Let me sound off on one other thing – I’m throwing my beer at the screen if I see one more scene where a character sneaks into the villian’s lair to rescue his girlfriend and, instead of getting the hell out, they stand there and hug and start babbling about – yeah, you guessed it – their damn feelings. Maybe your emotional breaktrhough can wait until you’re away from the intergalactic tarantula. Oh, and the intergalactic tarantula looks kind of doofy; we could be reaching the limits of what CGI can do. It also looks way too much like the Cloverfield creature, though, considering it is J.J. Abrams, that may not be unintentional.

All I wanted was to recapture some of the magic of those exciting, technically breathtaking movies I grew up with. It sure looked like them – the cinematography was right out of the Spielbergian playbook. The plucky youngsters were engaging too, though none are memorable except for Elle Fanning as the teen heroine. She’s going to be a HUGE star, mark my words.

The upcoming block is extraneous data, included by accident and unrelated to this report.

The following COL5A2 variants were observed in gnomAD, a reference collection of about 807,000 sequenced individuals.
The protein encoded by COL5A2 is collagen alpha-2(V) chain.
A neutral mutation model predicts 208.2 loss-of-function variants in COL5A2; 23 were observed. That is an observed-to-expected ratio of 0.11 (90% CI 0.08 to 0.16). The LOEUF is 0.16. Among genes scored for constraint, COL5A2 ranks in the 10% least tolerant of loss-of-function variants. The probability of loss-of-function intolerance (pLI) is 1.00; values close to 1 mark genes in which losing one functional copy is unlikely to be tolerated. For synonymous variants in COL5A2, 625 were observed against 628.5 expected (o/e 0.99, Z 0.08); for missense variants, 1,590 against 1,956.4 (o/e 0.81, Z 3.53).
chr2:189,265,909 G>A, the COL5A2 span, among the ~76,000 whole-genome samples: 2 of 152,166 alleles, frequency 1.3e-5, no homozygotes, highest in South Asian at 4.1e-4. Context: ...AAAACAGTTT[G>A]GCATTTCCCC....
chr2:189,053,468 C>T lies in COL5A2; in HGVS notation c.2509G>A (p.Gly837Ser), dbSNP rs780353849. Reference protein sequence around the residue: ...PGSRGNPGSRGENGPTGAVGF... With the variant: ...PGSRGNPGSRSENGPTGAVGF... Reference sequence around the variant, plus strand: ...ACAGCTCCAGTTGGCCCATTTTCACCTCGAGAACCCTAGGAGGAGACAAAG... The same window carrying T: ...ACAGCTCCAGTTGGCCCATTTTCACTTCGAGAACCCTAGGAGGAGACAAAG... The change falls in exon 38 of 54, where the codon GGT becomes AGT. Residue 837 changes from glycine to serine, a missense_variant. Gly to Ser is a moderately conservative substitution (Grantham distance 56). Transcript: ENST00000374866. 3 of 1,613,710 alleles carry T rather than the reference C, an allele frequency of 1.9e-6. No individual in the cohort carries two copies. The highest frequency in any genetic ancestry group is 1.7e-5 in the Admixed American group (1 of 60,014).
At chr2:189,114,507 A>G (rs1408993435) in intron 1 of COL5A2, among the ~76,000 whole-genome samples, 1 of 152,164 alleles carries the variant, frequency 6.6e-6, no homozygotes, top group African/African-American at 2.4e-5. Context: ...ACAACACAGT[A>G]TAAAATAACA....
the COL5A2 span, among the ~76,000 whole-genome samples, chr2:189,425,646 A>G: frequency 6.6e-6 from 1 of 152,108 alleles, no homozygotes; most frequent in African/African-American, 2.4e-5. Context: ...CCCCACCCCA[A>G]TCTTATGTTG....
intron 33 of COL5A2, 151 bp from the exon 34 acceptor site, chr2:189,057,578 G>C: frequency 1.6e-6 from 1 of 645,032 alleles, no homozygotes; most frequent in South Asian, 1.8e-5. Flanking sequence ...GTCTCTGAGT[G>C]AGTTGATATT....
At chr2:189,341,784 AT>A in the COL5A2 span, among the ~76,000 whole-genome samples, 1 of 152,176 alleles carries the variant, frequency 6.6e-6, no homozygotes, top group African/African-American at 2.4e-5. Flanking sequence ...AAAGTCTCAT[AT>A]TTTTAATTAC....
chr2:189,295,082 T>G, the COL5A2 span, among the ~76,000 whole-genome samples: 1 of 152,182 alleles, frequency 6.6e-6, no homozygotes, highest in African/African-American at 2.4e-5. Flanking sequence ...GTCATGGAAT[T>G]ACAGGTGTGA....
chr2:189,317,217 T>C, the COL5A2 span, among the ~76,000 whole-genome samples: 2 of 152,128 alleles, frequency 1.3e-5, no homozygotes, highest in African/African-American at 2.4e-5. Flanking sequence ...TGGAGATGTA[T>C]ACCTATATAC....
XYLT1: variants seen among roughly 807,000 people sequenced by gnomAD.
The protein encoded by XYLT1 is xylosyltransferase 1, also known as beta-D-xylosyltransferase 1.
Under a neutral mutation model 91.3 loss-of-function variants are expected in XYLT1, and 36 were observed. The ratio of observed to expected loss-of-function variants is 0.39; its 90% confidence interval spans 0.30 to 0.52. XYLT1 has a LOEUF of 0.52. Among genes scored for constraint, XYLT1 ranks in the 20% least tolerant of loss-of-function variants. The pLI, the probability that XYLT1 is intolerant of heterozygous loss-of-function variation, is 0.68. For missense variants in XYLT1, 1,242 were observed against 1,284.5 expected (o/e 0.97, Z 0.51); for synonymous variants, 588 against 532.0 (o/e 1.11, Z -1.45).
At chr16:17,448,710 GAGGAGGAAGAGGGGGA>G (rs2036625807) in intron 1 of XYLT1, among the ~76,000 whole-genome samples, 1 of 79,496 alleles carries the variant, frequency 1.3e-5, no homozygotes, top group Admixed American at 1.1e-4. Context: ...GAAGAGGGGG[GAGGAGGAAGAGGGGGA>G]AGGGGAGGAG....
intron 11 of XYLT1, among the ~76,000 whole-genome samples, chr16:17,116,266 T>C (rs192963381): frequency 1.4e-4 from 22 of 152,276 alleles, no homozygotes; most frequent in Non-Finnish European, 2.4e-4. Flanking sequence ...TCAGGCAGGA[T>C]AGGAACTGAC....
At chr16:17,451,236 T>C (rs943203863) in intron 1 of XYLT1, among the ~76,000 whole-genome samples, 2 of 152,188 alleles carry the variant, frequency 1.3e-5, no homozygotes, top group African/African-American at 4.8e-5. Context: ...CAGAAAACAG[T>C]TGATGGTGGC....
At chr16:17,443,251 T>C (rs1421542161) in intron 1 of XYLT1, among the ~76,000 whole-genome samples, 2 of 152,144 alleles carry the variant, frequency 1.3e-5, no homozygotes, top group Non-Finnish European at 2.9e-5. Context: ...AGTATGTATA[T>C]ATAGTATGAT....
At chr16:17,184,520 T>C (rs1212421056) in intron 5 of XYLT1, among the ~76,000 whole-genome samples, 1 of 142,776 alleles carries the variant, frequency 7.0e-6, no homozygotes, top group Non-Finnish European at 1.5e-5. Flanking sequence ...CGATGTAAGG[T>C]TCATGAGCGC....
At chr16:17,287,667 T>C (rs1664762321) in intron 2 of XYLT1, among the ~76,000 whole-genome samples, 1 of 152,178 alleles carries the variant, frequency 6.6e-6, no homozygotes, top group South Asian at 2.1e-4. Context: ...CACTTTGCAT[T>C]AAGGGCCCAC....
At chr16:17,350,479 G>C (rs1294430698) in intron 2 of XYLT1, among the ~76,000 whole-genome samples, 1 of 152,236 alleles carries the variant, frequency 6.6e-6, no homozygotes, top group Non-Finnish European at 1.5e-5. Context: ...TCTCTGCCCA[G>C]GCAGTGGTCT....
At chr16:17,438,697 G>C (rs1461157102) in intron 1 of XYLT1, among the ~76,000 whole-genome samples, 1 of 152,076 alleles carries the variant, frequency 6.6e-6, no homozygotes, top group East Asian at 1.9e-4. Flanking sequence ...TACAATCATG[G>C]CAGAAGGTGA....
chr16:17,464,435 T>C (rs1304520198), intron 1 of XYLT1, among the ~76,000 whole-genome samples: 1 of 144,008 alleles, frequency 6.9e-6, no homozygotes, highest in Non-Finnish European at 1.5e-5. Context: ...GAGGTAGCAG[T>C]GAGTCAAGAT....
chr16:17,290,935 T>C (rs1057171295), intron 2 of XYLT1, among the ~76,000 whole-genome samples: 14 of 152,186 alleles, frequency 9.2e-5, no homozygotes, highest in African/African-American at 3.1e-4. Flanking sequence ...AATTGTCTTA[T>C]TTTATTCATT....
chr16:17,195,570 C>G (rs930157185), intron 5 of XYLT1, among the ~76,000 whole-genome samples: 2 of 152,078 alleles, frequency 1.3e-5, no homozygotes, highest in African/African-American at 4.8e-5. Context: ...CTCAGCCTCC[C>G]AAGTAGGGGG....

In the end, I could have gotten past the flaws and enjoyed Super 8 except for the relentless trashing of the men and women who, frankly, made it possible with their blood and sacrifice. After 40 years of this nonsense, I’m bored and I’m disgusted with it. I still haven’t seen Avatar because of how it slimes my fellow vets, and had we known what Super 8 would do (which the trailer carefully obscures) the Hot Wife and I wouldn’t have dropped $38.50 on it.

You can make all the military-trashing films you want to, Hollywood – you’re welcome for the freedom to do so, by the way – but in the future you can count me and my money out. And I bet I’m not the only one.